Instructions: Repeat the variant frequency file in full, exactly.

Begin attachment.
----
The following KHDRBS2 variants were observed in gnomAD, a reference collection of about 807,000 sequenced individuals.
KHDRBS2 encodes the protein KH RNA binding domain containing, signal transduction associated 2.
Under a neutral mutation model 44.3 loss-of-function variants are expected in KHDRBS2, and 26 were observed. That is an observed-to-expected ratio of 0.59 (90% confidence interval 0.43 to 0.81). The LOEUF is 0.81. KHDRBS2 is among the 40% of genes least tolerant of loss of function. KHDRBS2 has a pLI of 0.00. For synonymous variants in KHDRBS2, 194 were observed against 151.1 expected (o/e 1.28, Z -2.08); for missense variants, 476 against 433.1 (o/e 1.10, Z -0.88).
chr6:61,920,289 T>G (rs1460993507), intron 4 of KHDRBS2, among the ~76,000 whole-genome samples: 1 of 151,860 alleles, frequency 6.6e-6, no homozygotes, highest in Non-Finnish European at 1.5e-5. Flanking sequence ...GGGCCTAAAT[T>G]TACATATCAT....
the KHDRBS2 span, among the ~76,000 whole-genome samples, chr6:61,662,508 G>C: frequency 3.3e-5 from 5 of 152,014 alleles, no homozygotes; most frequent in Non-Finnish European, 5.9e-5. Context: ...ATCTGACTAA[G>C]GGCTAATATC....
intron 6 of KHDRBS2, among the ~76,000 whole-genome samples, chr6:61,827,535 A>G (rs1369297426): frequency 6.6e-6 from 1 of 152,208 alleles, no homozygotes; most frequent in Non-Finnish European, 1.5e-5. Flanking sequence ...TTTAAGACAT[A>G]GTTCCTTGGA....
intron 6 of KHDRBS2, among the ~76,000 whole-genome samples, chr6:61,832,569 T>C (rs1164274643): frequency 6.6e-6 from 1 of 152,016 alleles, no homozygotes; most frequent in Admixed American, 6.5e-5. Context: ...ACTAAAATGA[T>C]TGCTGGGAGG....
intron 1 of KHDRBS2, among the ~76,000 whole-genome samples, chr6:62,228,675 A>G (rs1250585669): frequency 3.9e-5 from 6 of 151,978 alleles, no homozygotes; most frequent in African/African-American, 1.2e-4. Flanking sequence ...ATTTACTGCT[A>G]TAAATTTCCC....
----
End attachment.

The following KHDRBS2 variants were observed in gnomAD, a reference collection of about 807,000 sequenced individuals.
KHDRBS2 encodes the protein KH RNA binding domain containing, signal transduction associated 2.
Under a neutral mutation model 44.3 loss-of-function variants are expected in KHDRBS2, and 26 were observed. That is an observed-to-expected ratio of 0.59 (90% confidence interval 0.43 to 0.81). The LOEUF is 0.81. KHDRBS2 is among the 40% of genes least tolerant of loss of function. KHDRBS2 has a pLI of 0.00. For synonymous variants in KHDRBS2, 194 were observed against 151.1 expected (o/e 1.28, Z -2.08); for missense variants, 476 against 433.1 (o/e 1.10, Z -0.88).
chr6:61,920,289 T>G (rs1460993507), intron 4 of KHDRBS2, among the ~76,000 whole-genome samples: 1 of 151,860 alleles, frequency 6.6e-6, no homozygotes, highest in Non-Finnish European at 1.5e-5. Flanking sequence ...GGGCCTAAAT[T>G]TACATATCAT....
the KHDRBS2 span, among the ~76,000 whole-genome samples, chr6:61,662,508 G>C: frequency 3.3e-5 from 5 of 152,014 alleles, no homozygotes; most frequent in Non-Finnish European, 5.9e-5. Context: ...ATCTGACTAA[G>C]GGCTAATATC....
intron 6 of KHDRBS2, among the ~76,000 whole-genome samples, chr6:61,827,535 A>G (rs1369297426): frequency 6.6e-6 from 1 of 152,208 alleles, no homozygotes; most frequent in Non-Finnish European, 1.5e-5. Flanking sequence ...TTTAAGACAT[A>G]GTTCCTTGGA....
intron 6 of KHDRBS2, among the ~76,000 whole-genome samples, chr6:61,832,569 T>C (rs1164274643): frequency 6.6e-6 from 1 of 152,016 alleles, no homozygotes; most frequent in Admixed American, 6.5e-5. Context: ...ACTAAAATGA[T>C]TGCTGGGAGG....
intron 1 of KHDRBS2, among the ~76,000 whole-genome samples, chr6:62,228,675 A>G (rs1250585669): frequency 3.9e-5 from 6 of 151,978 alleles, no homozygotes; most frequent in African/African-American, 1.2e-4. Flanking sequence ...ATTTACTGCT[A>G]TAAATTTCCC....